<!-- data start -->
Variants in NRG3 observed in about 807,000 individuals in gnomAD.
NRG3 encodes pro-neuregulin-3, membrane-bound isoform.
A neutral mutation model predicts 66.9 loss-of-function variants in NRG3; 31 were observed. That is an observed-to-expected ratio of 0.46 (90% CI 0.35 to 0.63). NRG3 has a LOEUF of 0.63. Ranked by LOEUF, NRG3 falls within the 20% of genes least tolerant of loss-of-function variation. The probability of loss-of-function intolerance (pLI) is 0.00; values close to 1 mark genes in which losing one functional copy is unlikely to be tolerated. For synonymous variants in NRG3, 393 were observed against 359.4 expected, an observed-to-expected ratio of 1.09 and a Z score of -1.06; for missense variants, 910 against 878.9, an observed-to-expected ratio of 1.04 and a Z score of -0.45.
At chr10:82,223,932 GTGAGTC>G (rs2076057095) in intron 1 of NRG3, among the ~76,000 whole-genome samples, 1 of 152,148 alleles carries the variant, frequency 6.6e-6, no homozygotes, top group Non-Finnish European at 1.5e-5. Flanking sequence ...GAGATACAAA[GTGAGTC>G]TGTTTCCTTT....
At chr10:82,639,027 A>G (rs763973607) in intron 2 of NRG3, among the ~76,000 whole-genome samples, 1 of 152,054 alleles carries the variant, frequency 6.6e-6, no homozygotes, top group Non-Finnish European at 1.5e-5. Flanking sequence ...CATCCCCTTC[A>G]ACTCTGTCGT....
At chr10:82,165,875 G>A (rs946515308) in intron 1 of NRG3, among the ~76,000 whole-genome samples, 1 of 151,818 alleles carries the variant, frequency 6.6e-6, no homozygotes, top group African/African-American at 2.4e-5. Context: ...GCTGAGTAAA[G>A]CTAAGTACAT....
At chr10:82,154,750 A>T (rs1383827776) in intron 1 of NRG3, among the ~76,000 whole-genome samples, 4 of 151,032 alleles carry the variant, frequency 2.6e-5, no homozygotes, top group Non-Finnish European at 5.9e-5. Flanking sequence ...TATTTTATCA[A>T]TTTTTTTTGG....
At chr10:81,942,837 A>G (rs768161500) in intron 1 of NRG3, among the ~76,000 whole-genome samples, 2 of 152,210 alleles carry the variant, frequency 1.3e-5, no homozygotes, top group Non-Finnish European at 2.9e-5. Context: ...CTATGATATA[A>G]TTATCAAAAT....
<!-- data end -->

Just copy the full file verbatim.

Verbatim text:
Variants in NRG3 observed in about 807,000 individuals in gnomAD.
NRG3 encodes pro-neuregulin-3, membrane-bound isoform.
A neutral mutation model predicts 66.9 loss-of-function variants in NRG3; 31 were observed. That is an observed-to-expected ratio of 0.46 (90% CI 0.35 to 0.63). NRG3 has a LOEUF of 0.63. Ranked by LOEUF, NRG3 falls within the 20% of genes least tolerant of loss-of-function variation. The probability of loss-of-function intolerance (pLI) is 0.00; values close to 1 mark genes in which losing one functional copy is unlikely to be tolerated. For synonymous variants in NRG3, 393 were observed against 359.4 expected, an observed-to-expected ratio of 1.09 and a Z score of -1.06; for missense variants, 910 against 878.9, an observed-to-expected ratio of 1.04 and a Z score of -0.45.
At chr10:82,223,932 GTGAGTC>G (rs2076057095) in intron 1 of NRG3, among the ~76,000 whole-genome samples, 1 of 152,148 alleles carries the variant, frequency 6.6e-6, no homozygotes, top group Non-Finnish European at 1.5e-5. Flanking sequence ...GAGATACAAA[GTGAGTC>G]TGTTTCCTTT....
At chr10:82,639,027 A>G (rs763973607) in intron 2 of NRG3, among the ~76,000 whole-genome samples, 1 of 152,054 alleles carries the variant, frequency 6.6e-6, no homozygotes, top group Non-Finnish European at 1.5e-5. Flanking sequence ...CATCCCCTTC[A>G]ACTCTGTCGT....
At chr10:82,165,875 G>A (rs946515308) in intron 1 of NRG3, among the ~76,000 whole-genome samples, 1 of 151,818 alleles carries the variant, frequency 6.6e-6, no homozygotes, top group African/African-American at 2.4e-5. Context: ...GCTGAGTAAA[G>A]CTAAGTACAT....
At chr10:82,154,750 A>T (rs1383827776) in intron 1 of NRG3, among the ~76,000 whole-genome samples, 4 of 151,032 alleles carry the variant, frequency 2.6e-5, no homozygotes, top group Non-Finnish European at 5.9e-5. Flanking sequence ...TATTTTATCA[A>T]TTTTTTTTGG....
At chr10:81,942,837 A>G (rs768161500) in intron 1 of NRG3, among the ~76,000 whole-genome samples, 2 of 152,210 alleles carry the variant, frequency 1.3e-5, no homozygotes, top group Non-Finnish European at 2.9e-5. Context: ...CTATGATATA[A>G]TTATCAAAAT....